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In Virginia, It’s 2004 All Over Again

Virginia Republicans are setting themselves up to reenact the budget stalemate that nearly broke them as a majority party.

House Republicans have advanced a state version of the state budget that includes Medicaid expansion [1].  That’s rebranding in a very big way.

The Republican-controlled Senate has not, sticking to the pre-November 2017 election script to nibble [2] at the most distant edges of expansion.

The difference between their two approaches: about $600 million [3].

Which means the conference committee negotiations on the budget will be, ah, spirited. They have the very real potential to be explosive, because the House’s move represents a fundamental break with the GOP catechism. The Senate isn’t yet on board.

House Speaker M. Kirkland Cox (R-Colonial Heights) couched the change in a truism, saying there was “no question that the political dynamics have changed.”

It is rooted in two realities that many of my friends on the right have failed to see.

The most obvious: the Republican rout in November. As former Del. Scott Lingamfelter – who was among the GOP losers in November – wrote on his Facebook page [4], “when you go from a significant GOP majority to a razor thin one, this [Medicaid expansion] is what happens.”

Cox described the other reality in a press release [5]:

My longstanding concerns about the cost of expansion aren’t going away, but unfortunately the ACA is here to stay and the Trump administration is the best chance to secure conservative reforms.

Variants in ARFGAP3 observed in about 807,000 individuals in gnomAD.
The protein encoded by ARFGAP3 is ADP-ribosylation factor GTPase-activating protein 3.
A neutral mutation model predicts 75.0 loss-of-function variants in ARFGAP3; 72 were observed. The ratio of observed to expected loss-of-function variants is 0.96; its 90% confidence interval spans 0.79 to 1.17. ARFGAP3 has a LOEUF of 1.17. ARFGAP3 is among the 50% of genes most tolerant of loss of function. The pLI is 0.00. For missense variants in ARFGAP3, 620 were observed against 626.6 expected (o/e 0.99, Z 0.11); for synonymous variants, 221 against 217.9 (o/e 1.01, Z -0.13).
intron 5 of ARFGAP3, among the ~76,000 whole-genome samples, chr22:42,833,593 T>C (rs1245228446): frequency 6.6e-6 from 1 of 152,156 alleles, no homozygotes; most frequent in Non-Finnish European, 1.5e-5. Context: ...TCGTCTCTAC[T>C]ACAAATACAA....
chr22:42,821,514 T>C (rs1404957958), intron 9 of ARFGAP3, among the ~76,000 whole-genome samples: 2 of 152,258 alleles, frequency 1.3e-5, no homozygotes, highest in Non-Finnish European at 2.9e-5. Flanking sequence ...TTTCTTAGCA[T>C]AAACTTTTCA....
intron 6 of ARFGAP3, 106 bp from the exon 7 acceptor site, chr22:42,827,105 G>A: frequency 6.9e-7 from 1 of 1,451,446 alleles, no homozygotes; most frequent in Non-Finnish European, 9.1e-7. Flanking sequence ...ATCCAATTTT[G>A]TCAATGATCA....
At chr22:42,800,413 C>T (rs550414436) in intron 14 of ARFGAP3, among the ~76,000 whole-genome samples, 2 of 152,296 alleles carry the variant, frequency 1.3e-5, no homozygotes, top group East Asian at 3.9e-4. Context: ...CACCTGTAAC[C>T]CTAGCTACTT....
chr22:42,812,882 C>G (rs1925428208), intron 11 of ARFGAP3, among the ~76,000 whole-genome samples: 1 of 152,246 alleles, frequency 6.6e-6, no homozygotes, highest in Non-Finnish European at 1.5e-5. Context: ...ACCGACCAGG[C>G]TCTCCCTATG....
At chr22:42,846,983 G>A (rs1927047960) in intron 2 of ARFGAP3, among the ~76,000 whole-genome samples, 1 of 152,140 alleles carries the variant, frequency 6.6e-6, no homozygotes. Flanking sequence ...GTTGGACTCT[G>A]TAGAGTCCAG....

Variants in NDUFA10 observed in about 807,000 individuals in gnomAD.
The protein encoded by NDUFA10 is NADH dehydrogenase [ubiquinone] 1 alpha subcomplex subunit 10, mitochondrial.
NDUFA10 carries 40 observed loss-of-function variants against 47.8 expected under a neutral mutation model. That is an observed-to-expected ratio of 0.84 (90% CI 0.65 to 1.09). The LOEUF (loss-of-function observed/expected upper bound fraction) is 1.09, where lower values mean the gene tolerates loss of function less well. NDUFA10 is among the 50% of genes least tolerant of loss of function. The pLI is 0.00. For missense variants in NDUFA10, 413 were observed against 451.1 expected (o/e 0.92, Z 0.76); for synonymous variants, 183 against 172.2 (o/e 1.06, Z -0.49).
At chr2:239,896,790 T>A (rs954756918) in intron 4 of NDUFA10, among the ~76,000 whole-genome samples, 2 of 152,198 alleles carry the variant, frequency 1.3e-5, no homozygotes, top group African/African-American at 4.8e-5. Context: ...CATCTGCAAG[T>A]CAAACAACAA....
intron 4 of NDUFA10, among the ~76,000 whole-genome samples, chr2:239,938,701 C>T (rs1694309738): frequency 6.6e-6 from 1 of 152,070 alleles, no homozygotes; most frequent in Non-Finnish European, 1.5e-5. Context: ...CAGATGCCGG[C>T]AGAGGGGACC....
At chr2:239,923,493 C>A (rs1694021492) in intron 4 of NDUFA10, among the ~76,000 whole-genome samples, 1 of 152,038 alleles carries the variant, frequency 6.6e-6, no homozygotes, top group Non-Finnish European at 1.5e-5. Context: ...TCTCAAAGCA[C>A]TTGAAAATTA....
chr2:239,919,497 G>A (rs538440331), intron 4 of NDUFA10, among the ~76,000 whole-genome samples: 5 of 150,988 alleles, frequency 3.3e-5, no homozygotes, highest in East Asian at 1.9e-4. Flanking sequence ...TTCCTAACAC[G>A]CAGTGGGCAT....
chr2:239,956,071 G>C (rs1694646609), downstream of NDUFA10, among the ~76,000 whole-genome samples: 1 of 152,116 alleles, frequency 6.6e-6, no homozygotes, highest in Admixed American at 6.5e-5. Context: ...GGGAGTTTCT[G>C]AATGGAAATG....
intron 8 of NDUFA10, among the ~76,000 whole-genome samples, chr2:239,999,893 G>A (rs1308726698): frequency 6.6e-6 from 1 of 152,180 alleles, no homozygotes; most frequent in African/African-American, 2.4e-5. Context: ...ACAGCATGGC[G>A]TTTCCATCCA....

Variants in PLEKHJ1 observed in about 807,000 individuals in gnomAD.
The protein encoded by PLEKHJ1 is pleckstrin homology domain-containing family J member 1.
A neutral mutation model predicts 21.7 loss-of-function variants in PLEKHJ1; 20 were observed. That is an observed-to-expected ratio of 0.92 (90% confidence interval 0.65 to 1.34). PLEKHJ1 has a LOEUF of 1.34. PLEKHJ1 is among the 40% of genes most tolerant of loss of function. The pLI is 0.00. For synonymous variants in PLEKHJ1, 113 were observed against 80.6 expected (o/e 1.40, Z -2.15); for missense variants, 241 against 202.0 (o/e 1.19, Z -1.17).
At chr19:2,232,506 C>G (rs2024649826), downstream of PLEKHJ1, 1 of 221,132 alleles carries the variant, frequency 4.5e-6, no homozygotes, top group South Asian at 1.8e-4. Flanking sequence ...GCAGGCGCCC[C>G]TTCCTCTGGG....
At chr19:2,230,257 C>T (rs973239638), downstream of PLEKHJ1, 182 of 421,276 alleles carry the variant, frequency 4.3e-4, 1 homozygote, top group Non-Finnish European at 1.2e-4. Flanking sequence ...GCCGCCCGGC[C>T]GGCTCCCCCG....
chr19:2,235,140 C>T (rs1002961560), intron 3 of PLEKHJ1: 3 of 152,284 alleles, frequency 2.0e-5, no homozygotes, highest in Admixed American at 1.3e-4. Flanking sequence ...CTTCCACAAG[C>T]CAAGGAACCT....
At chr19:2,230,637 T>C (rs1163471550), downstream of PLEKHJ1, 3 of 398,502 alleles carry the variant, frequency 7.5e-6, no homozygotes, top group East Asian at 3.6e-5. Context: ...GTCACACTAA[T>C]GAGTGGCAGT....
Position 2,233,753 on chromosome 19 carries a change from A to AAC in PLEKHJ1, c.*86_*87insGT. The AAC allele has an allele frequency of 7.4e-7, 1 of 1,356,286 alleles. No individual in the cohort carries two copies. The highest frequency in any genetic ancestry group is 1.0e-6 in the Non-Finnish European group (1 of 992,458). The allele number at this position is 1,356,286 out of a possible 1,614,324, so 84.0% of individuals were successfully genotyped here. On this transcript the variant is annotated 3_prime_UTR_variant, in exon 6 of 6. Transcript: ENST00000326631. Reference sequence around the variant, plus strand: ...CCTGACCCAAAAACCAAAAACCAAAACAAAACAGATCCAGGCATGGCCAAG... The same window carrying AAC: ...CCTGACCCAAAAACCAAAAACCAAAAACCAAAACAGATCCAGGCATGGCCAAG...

“The ACA is here to stay.” Yes it is. Congressional Republicans had everything they needed to repeal the ACA in 2017, except leadership, vision and determination. Their failure all but assured the law will live, in some form, for years to come.

Cox & Co. decided to try to make the best of these new realities, opting to make the best deal they could while they still had the votes to get it.

But House Republicans should be under no illusions their policy change will give them cover in the 2019 elections.

Incumbents may face challenges from the right. With the legality of the so-called incumbent-protection act in doubt [6] — meaning incumbents may no longer dictate the method of their renomination for office – a flurry of activist-driven conventions may be on the horizon.

Or not. House Republicans didn’t suffer after approving massive tax increases for road construction in 2013. That increase breached the Republican gospel on tax hikes in staggering fashion. But their House majority held firm at 67 seats [7] after the 2013 elections.

Continue reading here [8].